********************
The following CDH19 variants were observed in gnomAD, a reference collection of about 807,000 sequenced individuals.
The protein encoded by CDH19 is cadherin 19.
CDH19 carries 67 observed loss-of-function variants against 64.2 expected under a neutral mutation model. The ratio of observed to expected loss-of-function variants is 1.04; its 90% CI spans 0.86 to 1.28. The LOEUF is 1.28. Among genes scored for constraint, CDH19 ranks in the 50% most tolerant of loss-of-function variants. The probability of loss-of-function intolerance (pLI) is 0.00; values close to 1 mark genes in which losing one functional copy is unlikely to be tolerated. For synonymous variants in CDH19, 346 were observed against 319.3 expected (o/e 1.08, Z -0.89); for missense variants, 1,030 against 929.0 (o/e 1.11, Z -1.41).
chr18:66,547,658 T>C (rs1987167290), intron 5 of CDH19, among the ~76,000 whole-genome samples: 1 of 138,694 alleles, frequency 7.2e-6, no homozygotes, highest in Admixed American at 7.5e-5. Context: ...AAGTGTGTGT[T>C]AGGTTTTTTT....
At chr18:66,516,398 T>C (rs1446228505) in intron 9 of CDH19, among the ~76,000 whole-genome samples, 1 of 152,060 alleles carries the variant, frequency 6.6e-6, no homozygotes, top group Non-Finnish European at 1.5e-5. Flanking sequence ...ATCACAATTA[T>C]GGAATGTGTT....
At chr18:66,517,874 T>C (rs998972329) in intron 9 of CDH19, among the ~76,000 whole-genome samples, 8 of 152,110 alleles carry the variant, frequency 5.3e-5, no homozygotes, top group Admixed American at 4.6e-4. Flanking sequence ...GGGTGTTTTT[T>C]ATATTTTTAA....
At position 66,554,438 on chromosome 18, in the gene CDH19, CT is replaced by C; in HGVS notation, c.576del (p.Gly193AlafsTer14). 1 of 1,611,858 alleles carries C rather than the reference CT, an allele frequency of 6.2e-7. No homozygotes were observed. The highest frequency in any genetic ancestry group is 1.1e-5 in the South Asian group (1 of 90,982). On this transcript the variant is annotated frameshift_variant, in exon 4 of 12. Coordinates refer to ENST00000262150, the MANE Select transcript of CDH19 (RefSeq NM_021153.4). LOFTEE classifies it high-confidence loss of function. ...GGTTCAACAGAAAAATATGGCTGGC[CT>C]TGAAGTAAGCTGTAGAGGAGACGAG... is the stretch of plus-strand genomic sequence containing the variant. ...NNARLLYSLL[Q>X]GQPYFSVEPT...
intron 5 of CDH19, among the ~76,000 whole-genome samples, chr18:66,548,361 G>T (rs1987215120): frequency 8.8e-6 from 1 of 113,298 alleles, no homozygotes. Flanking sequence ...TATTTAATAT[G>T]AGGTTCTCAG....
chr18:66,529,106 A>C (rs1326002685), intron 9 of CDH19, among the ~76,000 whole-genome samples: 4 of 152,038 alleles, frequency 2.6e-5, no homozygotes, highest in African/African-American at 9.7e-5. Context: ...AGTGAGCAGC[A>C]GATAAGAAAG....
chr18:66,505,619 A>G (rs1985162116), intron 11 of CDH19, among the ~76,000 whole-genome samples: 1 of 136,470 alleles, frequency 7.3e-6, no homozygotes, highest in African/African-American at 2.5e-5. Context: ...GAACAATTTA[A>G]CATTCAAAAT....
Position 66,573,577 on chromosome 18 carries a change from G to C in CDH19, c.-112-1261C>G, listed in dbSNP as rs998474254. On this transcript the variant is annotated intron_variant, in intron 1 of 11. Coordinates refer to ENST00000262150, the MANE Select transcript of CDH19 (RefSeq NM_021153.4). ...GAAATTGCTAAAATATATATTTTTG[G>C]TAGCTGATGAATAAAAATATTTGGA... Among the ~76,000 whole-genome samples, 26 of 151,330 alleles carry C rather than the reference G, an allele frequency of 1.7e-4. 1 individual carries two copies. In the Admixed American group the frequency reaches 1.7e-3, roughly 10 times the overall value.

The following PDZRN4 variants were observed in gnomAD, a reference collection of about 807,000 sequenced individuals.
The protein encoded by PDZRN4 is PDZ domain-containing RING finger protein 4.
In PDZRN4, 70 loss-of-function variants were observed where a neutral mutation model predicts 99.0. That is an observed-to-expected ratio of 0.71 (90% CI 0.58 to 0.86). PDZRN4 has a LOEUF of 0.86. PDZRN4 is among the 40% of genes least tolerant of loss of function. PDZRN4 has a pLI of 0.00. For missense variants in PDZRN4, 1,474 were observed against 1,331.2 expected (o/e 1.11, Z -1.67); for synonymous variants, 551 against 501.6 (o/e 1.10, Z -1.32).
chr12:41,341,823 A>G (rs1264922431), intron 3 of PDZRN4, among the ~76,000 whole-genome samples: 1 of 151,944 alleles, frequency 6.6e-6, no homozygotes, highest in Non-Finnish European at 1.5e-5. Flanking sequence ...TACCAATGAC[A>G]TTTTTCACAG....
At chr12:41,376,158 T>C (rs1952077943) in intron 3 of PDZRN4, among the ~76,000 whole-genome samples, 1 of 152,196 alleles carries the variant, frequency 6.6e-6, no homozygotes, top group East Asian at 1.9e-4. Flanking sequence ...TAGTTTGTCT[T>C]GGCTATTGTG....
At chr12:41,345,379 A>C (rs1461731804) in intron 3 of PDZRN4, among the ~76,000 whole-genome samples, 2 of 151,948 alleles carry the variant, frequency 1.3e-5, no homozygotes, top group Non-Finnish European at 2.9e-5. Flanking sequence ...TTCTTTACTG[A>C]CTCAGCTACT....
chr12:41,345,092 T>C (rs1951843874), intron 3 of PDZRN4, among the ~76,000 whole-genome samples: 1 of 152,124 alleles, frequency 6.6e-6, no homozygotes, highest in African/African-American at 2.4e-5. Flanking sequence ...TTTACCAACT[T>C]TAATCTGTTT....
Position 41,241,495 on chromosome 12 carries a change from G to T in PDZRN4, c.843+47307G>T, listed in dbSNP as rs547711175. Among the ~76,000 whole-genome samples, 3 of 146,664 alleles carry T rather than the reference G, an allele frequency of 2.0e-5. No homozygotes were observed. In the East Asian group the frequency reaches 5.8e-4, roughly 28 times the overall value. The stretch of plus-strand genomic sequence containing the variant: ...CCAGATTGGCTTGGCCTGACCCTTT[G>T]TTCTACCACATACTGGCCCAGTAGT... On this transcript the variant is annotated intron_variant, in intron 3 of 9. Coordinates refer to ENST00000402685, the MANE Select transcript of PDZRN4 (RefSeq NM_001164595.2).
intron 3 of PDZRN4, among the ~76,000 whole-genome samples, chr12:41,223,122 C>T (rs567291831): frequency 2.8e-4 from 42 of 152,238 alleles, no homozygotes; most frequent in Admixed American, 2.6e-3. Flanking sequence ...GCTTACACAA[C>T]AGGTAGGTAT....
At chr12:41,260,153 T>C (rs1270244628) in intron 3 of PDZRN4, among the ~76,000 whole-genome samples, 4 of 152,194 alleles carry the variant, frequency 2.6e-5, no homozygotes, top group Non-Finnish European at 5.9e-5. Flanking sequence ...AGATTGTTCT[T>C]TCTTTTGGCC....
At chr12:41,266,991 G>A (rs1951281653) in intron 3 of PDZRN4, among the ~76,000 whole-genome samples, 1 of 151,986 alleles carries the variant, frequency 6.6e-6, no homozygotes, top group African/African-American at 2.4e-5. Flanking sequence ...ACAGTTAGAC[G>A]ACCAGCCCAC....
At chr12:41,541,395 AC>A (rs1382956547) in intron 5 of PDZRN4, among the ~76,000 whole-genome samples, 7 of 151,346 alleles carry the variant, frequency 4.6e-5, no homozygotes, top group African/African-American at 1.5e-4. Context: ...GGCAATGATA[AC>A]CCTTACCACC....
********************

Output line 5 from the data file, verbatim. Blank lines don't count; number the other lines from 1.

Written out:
At chr18:66,516,398 T>C (rs1446228505) in intron 9 of CDH19, among the ~76,000 whole-genome samples, 1 of 152,060 alleles carries the variant, frequency 6.6e-6, no homozygotes, top group Non-Finnish European at 1.5e-5. Flanking sequence ...ATCACAATTA[T>C]GGAATGTGTT....